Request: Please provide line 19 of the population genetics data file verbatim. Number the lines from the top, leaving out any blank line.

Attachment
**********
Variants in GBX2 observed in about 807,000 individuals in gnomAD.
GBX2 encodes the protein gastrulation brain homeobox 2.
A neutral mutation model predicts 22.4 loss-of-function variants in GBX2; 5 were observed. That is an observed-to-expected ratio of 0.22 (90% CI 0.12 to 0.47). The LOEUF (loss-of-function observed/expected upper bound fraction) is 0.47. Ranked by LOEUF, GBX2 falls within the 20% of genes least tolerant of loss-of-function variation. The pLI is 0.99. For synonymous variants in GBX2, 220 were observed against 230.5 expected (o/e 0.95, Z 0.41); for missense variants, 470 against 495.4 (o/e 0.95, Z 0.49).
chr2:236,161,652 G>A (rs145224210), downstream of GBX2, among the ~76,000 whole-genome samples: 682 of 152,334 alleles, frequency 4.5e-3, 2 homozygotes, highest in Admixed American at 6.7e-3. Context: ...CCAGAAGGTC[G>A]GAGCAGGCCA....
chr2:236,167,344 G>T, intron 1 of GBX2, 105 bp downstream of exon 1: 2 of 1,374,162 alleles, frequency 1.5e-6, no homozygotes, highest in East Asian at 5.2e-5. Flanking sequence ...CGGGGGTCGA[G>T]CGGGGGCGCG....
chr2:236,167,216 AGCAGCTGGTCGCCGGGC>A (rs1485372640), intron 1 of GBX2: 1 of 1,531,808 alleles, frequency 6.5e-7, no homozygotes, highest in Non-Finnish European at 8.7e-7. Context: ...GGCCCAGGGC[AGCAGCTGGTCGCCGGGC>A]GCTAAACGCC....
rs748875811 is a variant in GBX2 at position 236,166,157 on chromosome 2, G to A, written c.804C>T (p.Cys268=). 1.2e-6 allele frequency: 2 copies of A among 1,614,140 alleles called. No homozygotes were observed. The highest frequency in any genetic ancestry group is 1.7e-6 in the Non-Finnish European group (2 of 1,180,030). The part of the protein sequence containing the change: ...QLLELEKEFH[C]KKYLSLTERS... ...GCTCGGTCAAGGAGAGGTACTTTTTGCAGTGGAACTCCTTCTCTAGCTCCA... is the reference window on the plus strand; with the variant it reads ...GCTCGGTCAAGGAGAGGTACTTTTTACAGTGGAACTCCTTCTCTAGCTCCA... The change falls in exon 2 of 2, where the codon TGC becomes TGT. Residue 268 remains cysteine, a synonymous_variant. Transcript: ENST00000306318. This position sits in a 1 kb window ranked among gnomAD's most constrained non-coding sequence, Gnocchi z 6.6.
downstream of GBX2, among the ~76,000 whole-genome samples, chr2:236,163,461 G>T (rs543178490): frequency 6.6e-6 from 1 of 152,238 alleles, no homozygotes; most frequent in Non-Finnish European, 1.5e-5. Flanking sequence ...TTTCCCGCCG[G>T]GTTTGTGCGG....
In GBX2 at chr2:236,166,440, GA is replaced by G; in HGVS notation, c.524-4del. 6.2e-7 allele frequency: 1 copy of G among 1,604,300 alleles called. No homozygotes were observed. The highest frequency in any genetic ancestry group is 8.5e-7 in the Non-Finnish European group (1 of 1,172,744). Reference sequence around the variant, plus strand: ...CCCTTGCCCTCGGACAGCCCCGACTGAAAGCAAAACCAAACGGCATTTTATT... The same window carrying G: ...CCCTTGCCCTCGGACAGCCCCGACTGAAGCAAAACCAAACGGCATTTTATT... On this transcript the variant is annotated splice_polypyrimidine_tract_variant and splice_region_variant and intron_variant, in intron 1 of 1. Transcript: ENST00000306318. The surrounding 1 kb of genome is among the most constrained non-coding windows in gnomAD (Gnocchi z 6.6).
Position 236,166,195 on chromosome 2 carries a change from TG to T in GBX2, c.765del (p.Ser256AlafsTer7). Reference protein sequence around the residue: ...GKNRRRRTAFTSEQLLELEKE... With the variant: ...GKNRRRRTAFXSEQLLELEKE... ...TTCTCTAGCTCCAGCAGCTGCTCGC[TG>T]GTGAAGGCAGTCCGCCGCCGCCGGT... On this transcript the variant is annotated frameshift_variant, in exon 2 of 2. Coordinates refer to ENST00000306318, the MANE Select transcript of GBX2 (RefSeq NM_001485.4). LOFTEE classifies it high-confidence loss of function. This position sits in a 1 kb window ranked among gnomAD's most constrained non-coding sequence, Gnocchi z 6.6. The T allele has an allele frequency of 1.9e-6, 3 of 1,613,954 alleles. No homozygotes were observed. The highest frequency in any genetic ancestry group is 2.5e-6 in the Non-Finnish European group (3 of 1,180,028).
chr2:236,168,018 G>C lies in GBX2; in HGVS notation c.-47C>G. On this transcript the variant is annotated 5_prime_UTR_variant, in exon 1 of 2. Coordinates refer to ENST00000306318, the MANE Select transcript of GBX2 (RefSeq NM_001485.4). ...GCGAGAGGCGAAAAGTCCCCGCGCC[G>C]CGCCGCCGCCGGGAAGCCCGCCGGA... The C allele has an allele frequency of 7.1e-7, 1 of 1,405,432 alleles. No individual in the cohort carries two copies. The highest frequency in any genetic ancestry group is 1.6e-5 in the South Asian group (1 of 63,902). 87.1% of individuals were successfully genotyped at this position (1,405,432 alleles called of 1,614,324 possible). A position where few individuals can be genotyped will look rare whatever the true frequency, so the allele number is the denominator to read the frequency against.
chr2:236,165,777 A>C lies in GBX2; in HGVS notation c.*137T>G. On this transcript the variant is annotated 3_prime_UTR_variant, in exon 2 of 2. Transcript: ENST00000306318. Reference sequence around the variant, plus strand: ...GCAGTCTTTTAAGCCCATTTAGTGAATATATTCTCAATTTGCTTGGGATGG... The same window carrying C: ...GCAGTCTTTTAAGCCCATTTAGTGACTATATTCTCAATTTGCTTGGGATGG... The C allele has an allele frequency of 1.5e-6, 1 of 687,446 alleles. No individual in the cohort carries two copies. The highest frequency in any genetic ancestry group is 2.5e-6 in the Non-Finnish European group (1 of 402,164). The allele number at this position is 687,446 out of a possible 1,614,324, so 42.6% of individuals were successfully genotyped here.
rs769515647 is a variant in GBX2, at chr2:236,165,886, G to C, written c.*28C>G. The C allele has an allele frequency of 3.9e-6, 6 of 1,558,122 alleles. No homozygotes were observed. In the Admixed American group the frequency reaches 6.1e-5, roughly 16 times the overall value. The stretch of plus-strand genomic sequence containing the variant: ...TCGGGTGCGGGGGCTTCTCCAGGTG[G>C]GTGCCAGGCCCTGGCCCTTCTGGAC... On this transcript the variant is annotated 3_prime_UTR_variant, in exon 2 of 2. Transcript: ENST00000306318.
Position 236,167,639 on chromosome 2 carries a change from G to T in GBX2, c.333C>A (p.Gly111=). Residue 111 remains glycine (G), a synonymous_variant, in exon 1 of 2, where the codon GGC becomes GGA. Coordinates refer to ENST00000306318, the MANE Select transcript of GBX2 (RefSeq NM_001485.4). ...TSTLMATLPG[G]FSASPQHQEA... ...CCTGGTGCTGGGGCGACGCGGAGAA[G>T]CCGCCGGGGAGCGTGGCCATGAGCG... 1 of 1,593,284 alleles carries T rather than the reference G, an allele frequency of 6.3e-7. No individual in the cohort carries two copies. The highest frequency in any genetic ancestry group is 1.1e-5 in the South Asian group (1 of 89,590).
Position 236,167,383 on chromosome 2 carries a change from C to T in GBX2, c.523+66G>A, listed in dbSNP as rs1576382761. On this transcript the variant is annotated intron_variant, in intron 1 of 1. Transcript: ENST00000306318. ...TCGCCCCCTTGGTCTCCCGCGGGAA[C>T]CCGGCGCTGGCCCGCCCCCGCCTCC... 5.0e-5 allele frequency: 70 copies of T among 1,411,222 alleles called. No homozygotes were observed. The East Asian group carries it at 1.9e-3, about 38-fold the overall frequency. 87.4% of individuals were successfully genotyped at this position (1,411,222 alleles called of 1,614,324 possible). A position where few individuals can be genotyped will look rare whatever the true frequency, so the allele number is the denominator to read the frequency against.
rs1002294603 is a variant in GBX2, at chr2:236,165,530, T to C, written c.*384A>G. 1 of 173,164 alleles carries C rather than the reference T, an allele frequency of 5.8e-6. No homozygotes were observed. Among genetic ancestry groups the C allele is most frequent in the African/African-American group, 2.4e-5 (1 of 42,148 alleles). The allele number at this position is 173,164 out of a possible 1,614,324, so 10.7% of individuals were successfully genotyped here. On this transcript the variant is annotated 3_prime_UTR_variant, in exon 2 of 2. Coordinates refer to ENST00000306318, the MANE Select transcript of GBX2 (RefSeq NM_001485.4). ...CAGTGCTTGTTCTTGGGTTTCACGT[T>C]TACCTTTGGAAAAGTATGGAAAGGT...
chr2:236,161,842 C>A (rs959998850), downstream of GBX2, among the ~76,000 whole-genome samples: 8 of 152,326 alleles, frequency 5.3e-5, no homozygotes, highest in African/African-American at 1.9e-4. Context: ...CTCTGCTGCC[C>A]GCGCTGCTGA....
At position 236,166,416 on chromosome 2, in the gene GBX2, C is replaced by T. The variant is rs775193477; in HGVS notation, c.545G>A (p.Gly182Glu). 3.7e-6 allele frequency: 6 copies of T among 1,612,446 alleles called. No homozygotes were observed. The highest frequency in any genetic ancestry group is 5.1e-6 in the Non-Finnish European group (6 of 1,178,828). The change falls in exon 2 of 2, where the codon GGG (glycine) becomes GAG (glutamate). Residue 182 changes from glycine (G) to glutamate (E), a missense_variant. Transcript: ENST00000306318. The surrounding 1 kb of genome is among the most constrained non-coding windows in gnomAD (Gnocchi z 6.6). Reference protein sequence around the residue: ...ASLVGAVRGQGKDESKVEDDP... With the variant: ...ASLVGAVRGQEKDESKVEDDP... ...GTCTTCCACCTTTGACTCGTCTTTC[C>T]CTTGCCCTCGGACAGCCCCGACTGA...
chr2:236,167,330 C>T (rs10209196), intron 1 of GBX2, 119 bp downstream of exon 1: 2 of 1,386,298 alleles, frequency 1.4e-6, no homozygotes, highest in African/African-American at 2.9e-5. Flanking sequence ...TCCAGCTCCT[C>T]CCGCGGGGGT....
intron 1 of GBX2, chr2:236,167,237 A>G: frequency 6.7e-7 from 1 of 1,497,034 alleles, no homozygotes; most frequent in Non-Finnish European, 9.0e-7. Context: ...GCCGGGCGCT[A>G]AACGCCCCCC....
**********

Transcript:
chr2:236,167,330 C>T (rs10209196), intron 1 of GBX2, 119 bp downstream of exon 1: 2 of 1,386,298 alleles, frequency 1.4e-6, no homozygotes, highest in African/African-American at 2.9e-5. Flanking sequence ...TCCAGCTCCT[C>T]CCGCGGGGGT....